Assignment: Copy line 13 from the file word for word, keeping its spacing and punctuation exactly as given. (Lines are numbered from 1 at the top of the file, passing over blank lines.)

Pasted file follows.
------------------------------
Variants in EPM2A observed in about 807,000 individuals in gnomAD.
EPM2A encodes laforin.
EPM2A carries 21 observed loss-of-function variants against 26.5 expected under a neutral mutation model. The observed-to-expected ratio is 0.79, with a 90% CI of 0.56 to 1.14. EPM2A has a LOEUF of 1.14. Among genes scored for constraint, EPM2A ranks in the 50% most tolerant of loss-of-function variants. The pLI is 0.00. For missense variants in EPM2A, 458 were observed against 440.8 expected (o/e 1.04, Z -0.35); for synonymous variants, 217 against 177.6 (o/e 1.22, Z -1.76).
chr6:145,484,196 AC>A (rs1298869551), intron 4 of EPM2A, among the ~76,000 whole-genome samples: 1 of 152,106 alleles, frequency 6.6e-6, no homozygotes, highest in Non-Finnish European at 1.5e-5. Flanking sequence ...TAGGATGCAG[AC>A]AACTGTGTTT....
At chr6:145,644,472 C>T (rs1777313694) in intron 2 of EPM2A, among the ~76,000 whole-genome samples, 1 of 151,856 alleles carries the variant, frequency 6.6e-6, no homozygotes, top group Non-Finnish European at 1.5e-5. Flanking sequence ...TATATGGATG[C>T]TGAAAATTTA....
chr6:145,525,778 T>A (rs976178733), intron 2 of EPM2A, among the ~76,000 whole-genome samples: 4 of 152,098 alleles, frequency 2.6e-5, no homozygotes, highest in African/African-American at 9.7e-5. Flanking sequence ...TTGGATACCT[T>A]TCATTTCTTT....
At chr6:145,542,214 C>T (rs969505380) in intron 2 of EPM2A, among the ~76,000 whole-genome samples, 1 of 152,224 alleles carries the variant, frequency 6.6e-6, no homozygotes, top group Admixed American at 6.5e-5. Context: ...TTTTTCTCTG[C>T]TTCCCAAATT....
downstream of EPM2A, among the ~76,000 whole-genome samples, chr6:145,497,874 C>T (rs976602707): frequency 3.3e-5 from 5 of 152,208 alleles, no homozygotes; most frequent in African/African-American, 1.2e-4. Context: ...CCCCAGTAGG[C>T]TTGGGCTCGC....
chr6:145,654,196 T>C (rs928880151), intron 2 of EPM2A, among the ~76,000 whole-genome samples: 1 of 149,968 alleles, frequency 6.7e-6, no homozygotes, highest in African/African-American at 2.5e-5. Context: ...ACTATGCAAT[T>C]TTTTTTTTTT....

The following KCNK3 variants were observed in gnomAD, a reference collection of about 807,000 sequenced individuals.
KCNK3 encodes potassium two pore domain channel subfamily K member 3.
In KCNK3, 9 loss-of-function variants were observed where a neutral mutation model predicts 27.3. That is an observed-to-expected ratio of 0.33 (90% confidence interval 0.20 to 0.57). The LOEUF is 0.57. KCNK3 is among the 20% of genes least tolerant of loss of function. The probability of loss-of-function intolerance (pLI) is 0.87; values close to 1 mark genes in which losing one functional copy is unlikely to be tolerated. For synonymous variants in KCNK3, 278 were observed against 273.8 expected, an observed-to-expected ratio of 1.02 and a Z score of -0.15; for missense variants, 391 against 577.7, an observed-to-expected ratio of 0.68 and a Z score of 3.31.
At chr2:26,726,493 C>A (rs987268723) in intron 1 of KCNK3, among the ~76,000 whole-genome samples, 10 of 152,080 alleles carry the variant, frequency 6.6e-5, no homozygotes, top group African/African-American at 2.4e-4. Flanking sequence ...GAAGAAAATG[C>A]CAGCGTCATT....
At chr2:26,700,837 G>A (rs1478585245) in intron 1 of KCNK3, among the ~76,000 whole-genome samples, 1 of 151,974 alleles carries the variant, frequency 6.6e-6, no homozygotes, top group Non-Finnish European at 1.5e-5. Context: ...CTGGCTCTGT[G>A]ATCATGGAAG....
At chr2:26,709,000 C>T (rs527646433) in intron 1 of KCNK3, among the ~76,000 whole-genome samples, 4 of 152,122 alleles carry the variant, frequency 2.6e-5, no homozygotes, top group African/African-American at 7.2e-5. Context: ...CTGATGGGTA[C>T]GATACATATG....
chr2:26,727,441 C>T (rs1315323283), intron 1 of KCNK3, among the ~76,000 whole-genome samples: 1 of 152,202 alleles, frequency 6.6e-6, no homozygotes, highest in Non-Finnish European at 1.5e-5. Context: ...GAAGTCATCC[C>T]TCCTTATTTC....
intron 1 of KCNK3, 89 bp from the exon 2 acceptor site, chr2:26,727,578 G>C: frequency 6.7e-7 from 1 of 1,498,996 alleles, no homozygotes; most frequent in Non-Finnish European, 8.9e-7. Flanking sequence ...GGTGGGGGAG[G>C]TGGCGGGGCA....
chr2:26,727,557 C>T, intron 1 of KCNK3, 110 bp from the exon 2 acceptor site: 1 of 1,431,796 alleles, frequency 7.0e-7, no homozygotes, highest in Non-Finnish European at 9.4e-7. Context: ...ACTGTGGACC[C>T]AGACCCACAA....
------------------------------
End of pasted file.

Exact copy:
At chr2:26,726,493 C>A (rs987268723) in intron 1 of KCNK3, among the ~76,000 whole-genome samples, 10 of 152,080 alleles carry the variant, frequency 6.6e-5, no homozygotes, top group African/African-American at 2.4e-4. Flanking sequence ...GAAGAAAATG[C>A]CAGCGTCATT....